Gabby Gabreski nearly failed out of his Army Air Corps flight training, but went on to become the top American fighter ace in Europe during World War II and a jet ace in Korea.
Amid the War of 1812 an American general eager to strike a blow against the British mounted a risky raid deep into western Upper Canada
The first appointment of a non-commissioned dental officer in the U.S. Army would not occur until 1872, and a separate U.S. Army Dental Corps would not be established until 1911, only a few years before World War I
Lest We Forget… the Handbrake. Former British Soldiers Crash Armored Vehicle Into Village Memorial on Armistice Day
Two former soldiers were at the center of the gaffe after they forgot to deploy the brakes of a Scimitar armored reconnaissance vehicle during the village’s moment of silence during Remembrance Day
The 122 mm D-74, a towed gun that entered Soviet service in 1955, was the most numerous gun in the NVA’s five independent artillery regiments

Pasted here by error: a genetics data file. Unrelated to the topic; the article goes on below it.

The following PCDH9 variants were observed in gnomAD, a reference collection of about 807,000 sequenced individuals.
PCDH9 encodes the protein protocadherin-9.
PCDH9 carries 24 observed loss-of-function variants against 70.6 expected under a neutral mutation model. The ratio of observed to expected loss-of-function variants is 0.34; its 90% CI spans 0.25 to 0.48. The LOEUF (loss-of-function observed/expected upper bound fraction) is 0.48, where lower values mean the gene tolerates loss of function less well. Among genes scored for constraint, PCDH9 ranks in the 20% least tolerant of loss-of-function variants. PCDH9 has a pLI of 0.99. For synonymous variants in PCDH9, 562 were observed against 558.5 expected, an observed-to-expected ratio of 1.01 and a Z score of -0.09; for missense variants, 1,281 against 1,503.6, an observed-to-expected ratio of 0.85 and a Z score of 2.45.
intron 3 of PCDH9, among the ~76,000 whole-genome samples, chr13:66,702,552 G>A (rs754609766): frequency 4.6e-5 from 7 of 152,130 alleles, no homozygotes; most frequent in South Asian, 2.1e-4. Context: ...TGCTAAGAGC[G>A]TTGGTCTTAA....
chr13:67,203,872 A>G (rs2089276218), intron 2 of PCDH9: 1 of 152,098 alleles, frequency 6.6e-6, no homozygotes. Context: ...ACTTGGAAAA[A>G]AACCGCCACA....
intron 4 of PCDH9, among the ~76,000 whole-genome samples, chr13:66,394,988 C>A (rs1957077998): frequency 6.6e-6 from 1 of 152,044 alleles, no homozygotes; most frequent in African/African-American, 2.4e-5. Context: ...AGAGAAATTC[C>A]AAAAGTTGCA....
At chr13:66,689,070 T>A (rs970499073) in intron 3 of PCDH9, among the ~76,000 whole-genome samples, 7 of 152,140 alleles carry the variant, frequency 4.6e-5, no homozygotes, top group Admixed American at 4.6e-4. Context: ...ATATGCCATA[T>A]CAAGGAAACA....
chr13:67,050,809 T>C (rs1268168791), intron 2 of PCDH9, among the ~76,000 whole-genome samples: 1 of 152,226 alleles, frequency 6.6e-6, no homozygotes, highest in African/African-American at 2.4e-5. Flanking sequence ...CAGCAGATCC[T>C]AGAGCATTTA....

One of John Steinbeck’s lesser-known works, The Moon Is Down, was among the most effective pieces of wartime propaganda ever written
Author Brian Matthew Jordan details the history of the regiment, which survived being decimated at both Chancellorsville and Gettysburg
Should European-American concepts of lawful warfare have been applied to what were long-established practices of the Dakota Indians?
For all things WWII be sure to tune into the conference starting on November 18.
An 1862 cavalry clash at Boonsboro, Md., changed the scoresheet for Union troopers
Amid the Cold War two German generals were among the few NATO commanders with direct experience fighting the Soviets—not to mention the Allies
A 19-year-old Ohio native described to his parents the journey from home to the war in Vietnam
Years of research reveal the fascinating story of a Union bugler